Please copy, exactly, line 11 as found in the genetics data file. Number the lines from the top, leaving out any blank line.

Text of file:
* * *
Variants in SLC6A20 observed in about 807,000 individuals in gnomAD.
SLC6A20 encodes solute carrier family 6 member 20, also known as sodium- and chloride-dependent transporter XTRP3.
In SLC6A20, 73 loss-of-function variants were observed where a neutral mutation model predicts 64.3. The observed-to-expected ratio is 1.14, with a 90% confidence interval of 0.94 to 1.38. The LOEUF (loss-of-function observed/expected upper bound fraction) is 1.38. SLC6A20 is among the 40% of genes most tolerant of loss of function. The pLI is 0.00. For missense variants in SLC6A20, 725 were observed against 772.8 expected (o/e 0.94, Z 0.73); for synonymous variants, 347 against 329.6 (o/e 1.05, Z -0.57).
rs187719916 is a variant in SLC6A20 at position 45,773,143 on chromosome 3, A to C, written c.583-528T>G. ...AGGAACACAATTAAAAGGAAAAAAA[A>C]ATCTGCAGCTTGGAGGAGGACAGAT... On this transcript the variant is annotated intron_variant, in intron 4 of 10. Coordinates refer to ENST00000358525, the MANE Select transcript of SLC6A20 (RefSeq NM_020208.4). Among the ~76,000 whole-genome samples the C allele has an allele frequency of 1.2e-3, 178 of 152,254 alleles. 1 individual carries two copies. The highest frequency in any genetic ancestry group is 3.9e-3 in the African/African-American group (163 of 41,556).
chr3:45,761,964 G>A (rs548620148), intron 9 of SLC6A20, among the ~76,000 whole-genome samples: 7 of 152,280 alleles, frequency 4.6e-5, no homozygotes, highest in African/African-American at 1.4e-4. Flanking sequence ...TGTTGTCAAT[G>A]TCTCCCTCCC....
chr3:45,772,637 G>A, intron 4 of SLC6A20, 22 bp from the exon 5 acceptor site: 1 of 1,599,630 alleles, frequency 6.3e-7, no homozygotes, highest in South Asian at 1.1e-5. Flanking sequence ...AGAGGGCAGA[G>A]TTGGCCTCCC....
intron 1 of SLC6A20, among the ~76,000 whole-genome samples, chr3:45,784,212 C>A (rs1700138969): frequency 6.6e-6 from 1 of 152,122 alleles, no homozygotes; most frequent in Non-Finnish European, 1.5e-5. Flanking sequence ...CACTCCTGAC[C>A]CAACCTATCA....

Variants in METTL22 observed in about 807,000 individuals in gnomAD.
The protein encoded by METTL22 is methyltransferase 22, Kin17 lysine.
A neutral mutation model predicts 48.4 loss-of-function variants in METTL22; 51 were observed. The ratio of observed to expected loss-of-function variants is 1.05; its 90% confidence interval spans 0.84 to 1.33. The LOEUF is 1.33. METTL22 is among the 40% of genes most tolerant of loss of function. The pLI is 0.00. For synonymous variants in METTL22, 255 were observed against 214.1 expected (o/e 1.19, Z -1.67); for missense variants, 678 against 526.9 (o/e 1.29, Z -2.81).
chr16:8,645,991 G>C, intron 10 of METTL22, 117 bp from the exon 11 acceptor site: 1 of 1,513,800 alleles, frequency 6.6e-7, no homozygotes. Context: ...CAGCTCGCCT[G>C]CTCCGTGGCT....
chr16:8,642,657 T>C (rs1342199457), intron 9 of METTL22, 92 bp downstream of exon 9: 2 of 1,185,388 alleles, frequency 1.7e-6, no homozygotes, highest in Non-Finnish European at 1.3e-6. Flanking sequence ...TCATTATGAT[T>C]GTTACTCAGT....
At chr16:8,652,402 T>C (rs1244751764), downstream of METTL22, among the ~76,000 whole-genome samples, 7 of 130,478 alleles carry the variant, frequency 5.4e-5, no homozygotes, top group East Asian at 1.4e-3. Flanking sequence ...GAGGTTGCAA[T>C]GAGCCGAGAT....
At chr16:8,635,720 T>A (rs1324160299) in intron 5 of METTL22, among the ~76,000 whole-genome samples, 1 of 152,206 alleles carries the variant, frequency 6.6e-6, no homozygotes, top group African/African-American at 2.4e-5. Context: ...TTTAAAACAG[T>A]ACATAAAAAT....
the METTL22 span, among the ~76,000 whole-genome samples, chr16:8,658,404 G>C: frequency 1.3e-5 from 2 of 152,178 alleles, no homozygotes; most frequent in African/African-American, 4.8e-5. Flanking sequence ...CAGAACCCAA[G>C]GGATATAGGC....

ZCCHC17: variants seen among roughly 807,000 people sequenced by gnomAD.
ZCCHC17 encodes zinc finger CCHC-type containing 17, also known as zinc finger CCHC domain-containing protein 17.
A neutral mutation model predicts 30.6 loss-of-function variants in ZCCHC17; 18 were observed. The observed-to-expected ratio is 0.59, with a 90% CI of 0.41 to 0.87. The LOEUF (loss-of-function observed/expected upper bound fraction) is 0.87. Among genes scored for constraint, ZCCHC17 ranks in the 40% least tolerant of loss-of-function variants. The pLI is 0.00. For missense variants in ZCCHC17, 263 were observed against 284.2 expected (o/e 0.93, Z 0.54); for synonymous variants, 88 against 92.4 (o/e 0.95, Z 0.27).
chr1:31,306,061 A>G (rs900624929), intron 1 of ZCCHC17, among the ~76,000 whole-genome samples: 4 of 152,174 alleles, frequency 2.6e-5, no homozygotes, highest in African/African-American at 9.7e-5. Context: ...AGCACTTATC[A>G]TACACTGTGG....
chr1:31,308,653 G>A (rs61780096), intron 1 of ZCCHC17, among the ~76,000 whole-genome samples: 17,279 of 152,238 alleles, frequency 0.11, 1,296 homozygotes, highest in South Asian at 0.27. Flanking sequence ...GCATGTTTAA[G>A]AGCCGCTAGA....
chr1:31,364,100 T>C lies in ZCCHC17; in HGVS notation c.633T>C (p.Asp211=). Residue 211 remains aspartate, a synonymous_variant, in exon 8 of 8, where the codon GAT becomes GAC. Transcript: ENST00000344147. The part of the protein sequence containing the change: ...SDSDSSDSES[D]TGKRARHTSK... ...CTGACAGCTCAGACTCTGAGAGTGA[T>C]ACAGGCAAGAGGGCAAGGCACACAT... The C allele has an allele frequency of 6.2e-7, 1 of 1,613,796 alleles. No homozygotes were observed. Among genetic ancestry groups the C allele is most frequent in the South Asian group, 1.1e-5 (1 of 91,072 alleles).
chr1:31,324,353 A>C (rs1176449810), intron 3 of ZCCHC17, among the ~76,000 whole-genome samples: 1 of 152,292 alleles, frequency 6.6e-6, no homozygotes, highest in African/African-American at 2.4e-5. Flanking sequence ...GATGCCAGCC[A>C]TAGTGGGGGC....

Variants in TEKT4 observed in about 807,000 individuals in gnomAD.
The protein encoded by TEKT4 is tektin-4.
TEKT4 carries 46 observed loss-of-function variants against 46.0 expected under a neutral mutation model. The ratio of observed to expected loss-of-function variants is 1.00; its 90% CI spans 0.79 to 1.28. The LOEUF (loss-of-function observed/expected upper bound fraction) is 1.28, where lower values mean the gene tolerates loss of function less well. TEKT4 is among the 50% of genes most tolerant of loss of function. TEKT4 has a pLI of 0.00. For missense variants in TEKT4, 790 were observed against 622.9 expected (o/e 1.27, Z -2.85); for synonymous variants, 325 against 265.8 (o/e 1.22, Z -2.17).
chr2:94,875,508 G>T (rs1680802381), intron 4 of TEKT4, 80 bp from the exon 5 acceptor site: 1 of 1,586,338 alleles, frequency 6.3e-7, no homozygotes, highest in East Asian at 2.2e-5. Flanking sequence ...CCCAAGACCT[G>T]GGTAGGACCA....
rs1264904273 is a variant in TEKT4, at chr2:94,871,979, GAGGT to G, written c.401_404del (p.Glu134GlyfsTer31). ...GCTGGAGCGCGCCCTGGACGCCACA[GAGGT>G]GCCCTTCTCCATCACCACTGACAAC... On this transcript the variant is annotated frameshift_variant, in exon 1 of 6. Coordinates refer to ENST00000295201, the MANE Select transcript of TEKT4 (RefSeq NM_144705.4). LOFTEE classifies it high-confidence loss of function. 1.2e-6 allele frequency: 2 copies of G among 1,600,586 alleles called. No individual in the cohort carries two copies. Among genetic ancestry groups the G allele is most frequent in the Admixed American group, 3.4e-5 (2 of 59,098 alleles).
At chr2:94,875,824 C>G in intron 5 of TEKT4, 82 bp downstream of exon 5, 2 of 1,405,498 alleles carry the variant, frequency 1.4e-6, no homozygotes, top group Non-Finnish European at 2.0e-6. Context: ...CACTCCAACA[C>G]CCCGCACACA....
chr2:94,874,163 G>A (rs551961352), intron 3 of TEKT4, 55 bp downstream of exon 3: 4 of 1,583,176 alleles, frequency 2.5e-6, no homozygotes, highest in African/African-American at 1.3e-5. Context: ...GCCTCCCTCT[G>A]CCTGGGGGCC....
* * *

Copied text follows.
chr16:8,645,991 G>C, intron 10 of METTL22, 117 bp from the exon 11 acceptor site: 1 of 1,513,800 alleles, frequency 6.6e-7, no homozygotes. Context: ...CAGCTCGCCT[G>C]CTCCGTGGCT....